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Betye Saar

Betye Irene Saar

Betye Irene Saar (born July 30, 1926) is an African-American artist known for her work in the medium of assemblage. Saar has been called "a legend" in the world of contemporary art. She is a visual storyteller and an accomplished printmaker. Saar was a part of the Black Arts Movement in the 1970s, which engaged myths and stereotypes about race and femininity. Her work is considered highly political, as she challenged negative ideas about African Americans throughout her career; Betye Saar is best known for her art work that critiques American racism toward Blacks. She is represented by Los Angeles based gallery Roberts Projects.

Betye Saar was born Betye Irene Brown on July 30, 1926, to Jefferson Maze Brown and Beatrice Lillian Parson in Los Angeles, California. Both parents attended the University of California, Los Angeles, where they met. Saar spent her early years in Los Angeles. After her father's death in 1931, Saar and her mother, brother, and sister moved in with her paternal grandmother, Irene Hannah Maze in the Watts neighborhood in Los Angeles. The family then moved to Pasadena, California, to live with Saar's maternal great-aunt Hatte Parson Keys and her husband Robert E. Keys. Growing up, Saar collected various ephemera and regularly created and repaired objects. Her college education began with art classes at Pasadena City College and continued at the University of California, Los Angeles, after receiving a tuition award from an organization that raised funds to send minority students to universities. Saar received a B.A. in design in 1947. She went on to graduate studies at California State University, Long Beach, University of Southern California, California State University, Northridge, and American Film Institute. During her time in graduate school, she married Richard Saar and gave birth to three daughters: Tracye, Alison and Lezley Saar.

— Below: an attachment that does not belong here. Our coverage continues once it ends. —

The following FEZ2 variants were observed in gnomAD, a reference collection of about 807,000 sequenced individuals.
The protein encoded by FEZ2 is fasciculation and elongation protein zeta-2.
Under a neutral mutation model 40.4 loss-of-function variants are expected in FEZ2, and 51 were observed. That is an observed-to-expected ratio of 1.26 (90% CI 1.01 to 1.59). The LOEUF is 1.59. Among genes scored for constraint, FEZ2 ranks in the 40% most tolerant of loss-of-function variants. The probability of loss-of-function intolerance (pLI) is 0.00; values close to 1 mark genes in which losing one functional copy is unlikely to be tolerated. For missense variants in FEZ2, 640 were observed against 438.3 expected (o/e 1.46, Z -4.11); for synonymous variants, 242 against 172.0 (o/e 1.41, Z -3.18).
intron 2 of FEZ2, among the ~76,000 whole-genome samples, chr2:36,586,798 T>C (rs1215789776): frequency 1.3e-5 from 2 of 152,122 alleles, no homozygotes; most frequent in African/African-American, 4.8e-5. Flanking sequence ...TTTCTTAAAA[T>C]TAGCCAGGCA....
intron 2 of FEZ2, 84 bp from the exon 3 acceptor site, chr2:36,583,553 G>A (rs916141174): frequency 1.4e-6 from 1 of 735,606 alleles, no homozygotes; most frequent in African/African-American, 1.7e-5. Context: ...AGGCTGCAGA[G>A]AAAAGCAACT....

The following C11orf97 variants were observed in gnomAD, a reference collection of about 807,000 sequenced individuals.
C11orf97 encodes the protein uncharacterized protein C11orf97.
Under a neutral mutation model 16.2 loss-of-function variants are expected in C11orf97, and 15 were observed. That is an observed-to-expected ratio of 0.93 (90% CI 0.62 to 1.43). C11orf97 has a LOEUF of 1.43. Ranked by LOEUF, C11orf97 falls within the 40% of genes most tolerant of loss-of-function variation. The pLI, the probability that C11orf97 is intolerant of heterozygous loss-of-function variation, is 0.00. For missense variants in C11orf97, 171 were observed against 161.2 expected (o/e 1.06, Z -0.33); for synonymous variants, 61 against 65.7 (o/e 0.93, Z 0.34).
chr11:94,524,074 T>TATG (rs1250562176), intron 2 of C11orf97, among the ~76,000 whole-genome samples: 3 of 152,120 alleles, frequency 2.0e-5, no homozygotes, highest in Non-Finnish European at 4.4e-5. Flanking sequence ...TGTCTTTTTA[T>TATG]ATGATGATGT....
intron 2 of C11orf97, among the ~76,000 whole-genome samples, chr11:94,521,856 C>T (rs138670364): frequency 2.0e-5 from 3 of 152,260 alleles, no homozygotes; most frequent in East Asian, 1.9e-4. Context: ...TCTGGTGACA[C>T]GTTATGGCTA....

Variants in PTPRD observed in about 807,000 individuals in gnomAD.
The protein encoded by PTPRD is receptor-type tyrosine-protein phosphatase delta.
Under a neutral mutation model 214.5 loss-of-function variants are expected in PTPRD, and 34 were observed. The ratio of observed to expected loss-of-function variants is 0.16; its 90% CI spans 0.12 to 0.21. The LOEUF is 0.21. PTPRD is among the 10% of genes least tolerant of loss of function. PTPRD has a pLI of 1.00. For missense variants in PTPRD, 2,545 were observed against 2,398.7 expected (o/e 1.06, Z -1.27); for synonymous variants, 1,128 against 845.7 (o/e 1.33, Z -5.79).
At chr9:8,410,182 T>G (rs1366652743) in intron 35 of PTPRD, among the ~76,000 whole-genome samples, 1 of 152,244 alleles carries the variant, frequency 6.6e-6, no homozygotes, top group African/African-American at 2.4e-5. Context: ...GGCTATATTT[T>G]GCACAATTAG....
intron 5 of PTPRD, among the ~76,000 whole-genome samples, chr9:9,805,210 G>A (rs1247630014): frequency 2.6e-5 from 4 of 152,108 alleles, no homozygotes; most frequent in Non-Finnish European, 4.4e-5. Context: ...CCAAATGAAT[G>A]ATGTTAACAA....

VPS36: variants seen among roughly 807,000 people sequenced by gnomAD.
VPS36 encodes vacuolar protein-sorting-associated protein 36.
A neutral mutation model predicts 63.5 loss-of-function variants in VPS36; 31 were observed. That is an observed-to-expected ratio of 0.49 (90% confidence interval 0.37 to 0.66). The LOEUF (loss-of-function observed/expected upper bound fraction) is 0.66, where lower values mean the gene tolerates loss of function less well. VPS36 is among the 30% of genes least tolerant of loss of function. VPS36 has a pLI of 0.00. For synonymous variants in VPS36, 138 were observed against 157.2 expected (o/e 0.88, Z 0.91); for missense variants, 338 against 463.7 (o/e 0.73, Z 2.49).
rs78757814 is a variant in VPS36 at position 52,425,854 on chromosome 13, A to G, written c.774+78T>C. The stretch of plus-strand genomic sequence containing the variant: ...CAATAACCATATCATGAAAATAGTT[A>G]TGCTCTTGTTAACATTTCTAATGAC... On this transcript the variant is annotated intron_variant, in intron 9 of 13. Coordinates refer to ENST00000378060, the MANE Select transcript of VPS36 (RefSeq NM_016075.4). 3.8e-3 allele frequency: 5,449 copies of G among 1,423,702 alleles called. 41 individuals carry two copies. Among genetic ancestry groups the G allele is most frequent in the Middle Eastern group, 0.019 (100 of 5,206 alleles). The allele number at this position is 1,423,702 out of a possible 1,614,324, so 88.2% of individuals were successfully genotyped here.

Saar started her adult life as a social worker and then later pursued her passion in art. She began her graduate education in 1958, originally working towards a career in teaching design. However, a printmaking class she took as an elective changed the direction of her artistic interests. She described printmaking as her "segue from design into fine arts."

In Saar's early work she collected racist imagery and continued throughout her career. She was inspired to create assemblages by a 1967 exhibition by found object sculptor, Joseph Cornell. She was also greatly influenced by Simon Rodia's Watts Towers, which she witnessed being built in her childhood. Saar said that she was "fascinated by the materials that Simon Rodia used, the broken dishes, sea shells, rusty tools, even corn cobs—all pressed into cement to create spires. To me, they were magical."

She began to create work that consisted of found objects arranged within boxes or windows, with items that drew from various cultures to reflect her own mixed ancestry: African-American, Irish, and Native American.

Saar was raised by her Aunt Hattie, who influenced her identity as a Black woman. Saar described her Aunt as a woman with dignity and poise, which impacted her depiction of the Black female body. This impact is evident in a work Saar dedicated to her Aunt titled, Record For Hattie, 1972. Saar's rejection of white feminism initially pushed her artistic focus on the Black male but in the 1970s she shifted her focus to the Black female body. Record For Hattie is a mixed media assemblage made from an antique jewelry box. Inside the top of the jewelry box is a broken picture frame containing a faded picture of a woman, representing her Aunt Hattie. Surrounding the picture frame rose materials are sewn along with a red and white star and crescent moon pendent. In the bottom of the jewelry box there is a metal cross on the right side, a red leather wallet in the middle, on top is an image of child, and on the left there are sewing materials. During the 1970s Saar responded to the racism, fetishization, and eroticization of the Black female body by reclaiming the Black female body. Saar's work resisted the artistic style of primitivism, as well as the white feminist movement that refused to address issues of race. Saar's work is a result of the convergence of Black power, spirituality and mysticism, and feminism, as seen in Black Girl's Window, 1969. Black Girl's Window is an assemblage piece made from an old window, in which the painted silhouette of a girl presses her face and hands against the pane. Above her head are nine smaller window panes arranged three by three, which display various symbols and images, including moons and stars, a howling wolf, a sketched skeleton, an eagle with the word "love" across its chest, and a tintype woman.

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Betye Saar Artworks
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